Media: Limits Crossed and Ethics Shattered

Posted on December 1, 2010 in Media and Culture

By Heena Khan:

The intrepid journalists who had posted the tremulous revelations of the Radia Tapes could anticipate the lull which would follow. The expression of gratitude could be aimed on the unspoken code of Indian Journalism, i.e. to protect their own fraternity. Expected was the blackout which sprawled on almost all television channels and newspapers about the sordid embroilment of the nation’s most revered and role model journalists, namely Barkha Dutt and Vir Sanghvi among others, besmirched for transgressing the ethical and moral standards of journalism, in the process disparaging the profession brazenly.

The usual vociferousness which accompanies the unearthing of political scams and scandals was conspicuously missing. Though the tapes distinctly revealed a connection between the overwhelmingly controversial 2G spectrum scam and the media, still the aspect of media involvement could not command a place on channels or newspapers because the media fraternity rendered its obedience to the above mentioned code, blatantly eschewing the misconduct of its own members.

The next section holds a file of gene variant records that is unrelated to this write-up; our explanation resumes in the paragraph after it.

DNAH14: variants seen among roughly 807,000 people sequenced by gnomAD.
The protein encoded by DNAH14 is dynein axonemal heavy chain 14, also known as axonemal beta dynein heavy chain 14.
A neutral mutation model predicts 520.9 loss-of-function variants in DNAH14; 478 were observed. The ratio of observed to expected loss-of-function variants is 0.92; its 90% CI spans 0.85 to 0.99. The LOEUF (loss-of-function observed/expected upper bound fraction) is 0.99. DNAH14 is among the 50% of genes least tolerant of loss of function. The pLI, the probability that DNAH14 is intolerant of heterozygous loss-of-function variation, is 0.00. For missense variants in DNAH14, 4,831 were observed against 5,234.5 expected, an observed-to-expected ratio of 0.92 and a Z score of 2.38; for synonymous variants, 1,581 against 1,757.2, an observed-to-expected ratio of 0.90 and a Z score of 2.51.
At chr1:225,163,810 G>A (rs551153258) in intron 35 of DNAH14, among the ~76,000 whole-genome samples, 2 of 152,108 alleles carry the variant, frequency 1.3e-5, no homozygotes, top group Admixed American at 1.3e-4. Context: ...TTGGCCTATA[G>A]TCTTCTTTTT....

Thus, questions of authenticity and impartiality have been posed against the Indian media. The fourth estate considered as the epitome of independence and ethics suffers from the cancer of corruption. Outwardly the media poses to be sanctimonious protectors of righteousness and democracy while inwardly it is being corroded by corruption.

The tapes reveal the nexus between the media, government and corporates. The media is no longer independent of outward influences. In the present scenario, the main power is in the hands of the affluent corporates for whom the media and the government are mere pawns to achieve their selfish ends. This is clearly exemplified by the Radia tapes coupled with the 2G scam. However, the above mentioned discrepancies of the media can be attributed to its complete reliance on the revenue it derives from the advertisements. Thus, it falls in the clutches of corporates to keep its business running.

Imperative is the need for laying down regulations for ethical standards of journalism, for what is currently happening is quid pro quo journalism, where owing to intense competition prevailing in the media, journalists transgress the ethical limits of news gathering and also act as power peddlers. The defence put forth by the Padam Bhushan awardee , Barkha Dutt of stringing along lobbyist Nira Radia to coax information about the then scenario of allocation of Cabinet portfolios to be considered as valid journalism is vacuous. Whether knowingly or unknowingly, she has played an accomplice in getting the cabinet post for telecom industry being allotted to A. Raja.

The tailoring of news by V. Sanghvi in favour of another corporate Honcho, Mukesh Ambani, is clearly against the ethics of journalism. Thus, media is seen buckled due to political and specifically corporate pressure. It is swiftly losing its credibility. There is a need to impose checks on it in such a manner such that its independence is not curtailed but is answerable to the public.

The writer is a Correspondent of Youth Ki Awaaz.

Youth Ki Awaaz

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